Home / World

Country Garden ventures out with Malaysian firm

By Wang Ying and Hu Yuanyuan | China Daily | Updated: 2011-12-28 08:15

Companies look abroad as nation's housing market under pressure

SHANGHAI/BEIJING - Hong Kong-listed Country Garden Holdings Co Ltd has started to explore the overseas market, setting up a joint venture with a Malaysian property developer.

Analysts said that other ambitious domestic developers might also look abroad as the Chinese housing market continues to contract under the pressure of government curbs.

Country Garden filed a notice with the stock exchange of Hong Kong recently, saying that it would set up a joint venture with Malaysia Land Properties Sdn Bhd (Mayland) to develop property in the Southeast Asian country.

Country Garden will have a 55-percent stake in the venture, with Mayland holding the rest.

The filing said that the JV would be principally engaged in acquiring land use rights in Malaysia, where it would develop residential and ancillary commercial facilities.

A request for comment by the company wasn't available as of China Daily's press time on Tuesday.

According to Chen Sheng, deputy director of the China Index Academy in Shanghai, Country Garden's move was in line with the government's call for more investment in the ASEAN economies.

"Prime property development in these nations offers plentiful opportunity," said Chen.

James Macdonald, head of Savills China research, said that many factors should be considered when developing abroad, including cultural differences, regulations and market characteristics.

"In general, however, Southeast Asian economies have been performing well recently and the demographics and rebalancing of the global economy seem to favor continued growth in Southeast Asia, which is likely to be underpinned" by growth in those nations' property markets, Macdonald said.

"Traditionally, Chinese developers chose the US, Australia and Canada as their overseas destinations. However, more of these companies are moving into southern Europe and Africa," noted Chen.

Chen said that few domestic developers go overseas, and he recalled the failed attempt by Chinese billionaire Huang Nubo to buy land in Iceland. The deal was rejected by Iceland's government.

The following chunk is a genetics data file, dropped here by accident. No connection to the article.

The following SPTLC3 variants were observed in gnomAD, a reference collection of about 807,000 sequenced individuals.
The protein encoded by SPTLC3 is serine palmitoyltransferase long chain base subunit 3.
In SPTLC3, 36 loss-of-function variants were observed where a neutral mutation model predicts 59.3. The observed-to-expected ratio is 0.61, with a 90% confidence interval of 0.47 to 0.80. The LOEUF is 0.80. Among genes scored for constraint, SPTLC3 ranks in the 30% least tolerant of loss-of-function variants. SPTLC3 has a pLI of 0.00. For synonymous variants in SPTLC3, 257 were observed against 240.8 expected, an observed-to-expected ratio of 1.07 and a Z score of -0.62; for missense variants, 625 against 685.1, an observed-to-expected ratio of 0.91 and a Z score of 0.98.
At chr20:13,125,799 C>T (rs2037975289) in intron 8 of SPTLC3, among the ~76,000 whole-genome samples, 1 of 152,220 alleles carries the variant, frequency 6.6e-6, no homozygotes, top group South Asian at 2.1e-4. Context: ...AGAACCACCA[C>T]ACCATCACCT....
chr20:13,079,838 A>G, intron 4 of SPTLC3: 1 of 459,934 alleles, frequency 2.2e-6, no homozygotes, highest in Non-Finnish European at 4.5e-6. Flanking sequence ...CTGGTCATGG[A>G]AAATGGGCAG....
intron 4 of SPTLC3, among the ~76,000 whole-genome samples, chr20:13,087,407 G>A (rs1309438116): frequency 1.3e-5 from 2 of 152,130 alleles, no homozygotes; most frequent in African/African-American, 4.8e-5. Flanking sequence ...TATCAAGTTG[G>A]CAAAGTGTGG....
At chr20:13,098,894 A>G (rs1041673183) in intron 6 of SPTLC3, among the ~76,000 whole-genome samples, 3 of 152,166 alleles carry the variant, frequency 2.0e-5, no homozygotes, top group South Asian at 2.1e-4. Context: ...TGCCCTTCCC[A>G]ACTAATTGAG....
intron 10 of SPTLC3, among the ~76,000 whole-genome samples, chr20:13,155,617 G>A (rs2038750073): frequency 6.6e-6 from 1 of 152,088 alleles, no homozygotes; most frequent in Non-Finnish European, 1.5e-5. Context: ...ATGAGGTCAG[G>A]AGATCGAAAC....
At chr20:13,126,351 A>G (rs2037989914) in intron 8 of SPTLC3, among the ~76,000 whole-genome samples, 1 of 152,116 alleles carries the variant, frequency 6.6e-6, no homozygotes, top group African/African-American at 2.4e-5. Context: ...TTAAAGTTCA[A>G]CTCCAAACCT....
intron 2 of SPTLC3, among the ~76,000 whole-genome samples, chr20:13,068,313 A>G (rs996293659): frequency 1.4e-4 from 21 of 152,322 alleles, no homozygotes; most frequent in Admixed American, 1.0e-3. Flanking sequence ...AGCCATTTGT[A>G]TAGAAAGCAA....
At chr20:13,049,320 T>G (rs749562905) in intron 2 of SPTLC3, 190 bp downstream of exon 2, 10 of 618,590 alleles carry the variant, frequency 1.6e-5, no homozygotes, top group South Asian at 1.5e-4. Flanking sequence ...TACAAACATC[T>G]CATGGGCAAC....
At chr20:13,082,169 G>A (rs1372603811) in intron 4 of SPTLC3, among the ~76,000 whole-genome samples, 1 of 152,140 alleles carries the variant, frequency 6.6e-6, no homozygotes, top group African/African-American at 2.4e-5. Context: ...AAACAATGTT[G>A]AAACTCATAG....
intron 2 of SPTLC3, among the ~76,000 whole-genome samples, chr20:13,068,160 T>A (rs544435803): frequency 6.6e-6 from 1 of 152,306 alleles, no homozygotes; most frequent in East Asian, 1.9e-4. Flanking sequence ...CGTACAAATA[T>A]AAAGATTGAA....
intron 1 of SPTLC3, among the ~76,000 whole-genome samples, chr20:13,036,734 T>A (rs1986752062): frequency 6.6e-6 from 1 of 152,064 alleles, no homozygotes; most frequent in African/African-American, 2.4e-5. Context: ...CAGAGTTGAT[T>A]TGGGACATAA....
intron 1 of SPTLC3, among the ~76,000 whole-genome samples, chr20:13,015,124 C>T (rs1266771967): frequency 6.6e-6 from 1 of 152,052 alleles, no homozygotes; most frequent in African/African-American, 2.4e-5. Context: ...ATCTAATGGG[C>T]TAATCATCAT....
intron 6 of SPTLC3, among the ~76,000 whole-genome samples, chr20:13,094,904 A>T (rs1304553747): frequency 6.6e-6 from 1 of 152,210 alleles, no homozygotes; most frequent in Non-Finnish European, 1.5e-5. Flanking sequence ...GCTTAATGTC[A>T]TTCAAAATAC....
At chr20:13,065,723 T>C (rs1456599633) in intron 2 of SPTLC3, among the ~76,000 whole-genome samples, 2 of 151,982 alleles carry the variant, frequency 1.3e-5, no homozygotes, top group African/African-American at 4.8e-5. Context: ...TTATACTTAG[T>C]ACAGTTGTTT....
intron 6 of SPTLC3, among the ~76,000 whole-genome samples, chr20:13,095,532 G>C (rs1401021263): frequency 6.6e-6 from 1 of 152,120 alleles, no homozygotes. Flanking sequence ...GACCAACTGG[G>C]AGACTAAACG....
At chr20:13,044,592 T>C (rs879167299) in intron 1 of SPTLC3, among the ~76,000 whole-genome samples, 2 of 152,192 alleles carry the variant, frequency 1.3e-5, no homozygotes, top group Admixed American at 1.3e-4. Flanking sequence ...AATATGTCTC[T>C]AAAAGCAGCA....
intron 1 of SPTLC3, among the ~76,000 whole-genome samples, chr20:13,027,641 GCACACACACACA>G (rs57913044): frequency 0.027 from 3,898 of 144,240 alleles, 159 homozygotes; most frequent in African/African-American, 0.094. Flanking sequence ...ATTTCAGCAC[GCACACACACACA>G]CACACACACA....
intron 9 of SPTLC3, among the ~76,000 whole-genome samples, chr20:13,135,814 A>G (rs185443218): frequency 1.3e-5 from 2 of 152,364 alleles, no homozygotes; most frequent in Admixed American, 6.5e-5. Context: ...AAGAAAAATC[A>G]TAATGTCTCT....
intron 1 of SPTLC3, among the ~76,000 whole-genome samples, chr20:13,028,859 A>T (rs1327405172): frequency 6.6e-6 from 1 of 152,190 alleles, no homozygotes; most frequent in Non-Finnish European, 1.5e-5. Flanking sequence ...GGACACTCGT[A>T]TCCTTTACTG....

Insiders who spoke on condition of anonymity said that Hainan Airlines Group was discussing a commercial project in Seoul, while the Shanghai-based Shanghai Industrial Investment (Holding) Co Ltd was said to be considering a mixed-use project in Russia.

Carlby Xie, head of research at Colliers International (Beijing), said that a number of domestic property developers had approached Colliers for advice on overseas expansion. Most of these developers were interested in mixed-use projects instead of residential ones.

The major risk for Chinese developers, Xie said, is a lack of knowledge about local markets and laws, but Chinese developers are pretty strong in cost management.

Overseas projects are another option for domestic developers, with foreign markets perhaps proving less competitive or saturated than domestic markets.

There are also the added benefits in markets like Malaysia of having a large Chinese population. Chinese developers are more likely to be well-known to these potential buyers, said Macdonald.

China Daily

(China Daily 12/28/2011 page15)

Today's Top News

Editor's picks

Most Viewed

Copyright 1995 - . All rights reserved. The content (including but not limited to text, photo, multimedia information, etc) published in this site belongs to China Daily Information Co (CDIC). Without written authorization from CDIC, such content shall not be republished or used in any form. Note: Browsers with 1024*768 or higher resolution are suggested for this site.
License for publishing multimedia online 0108263

Registration Number: 130349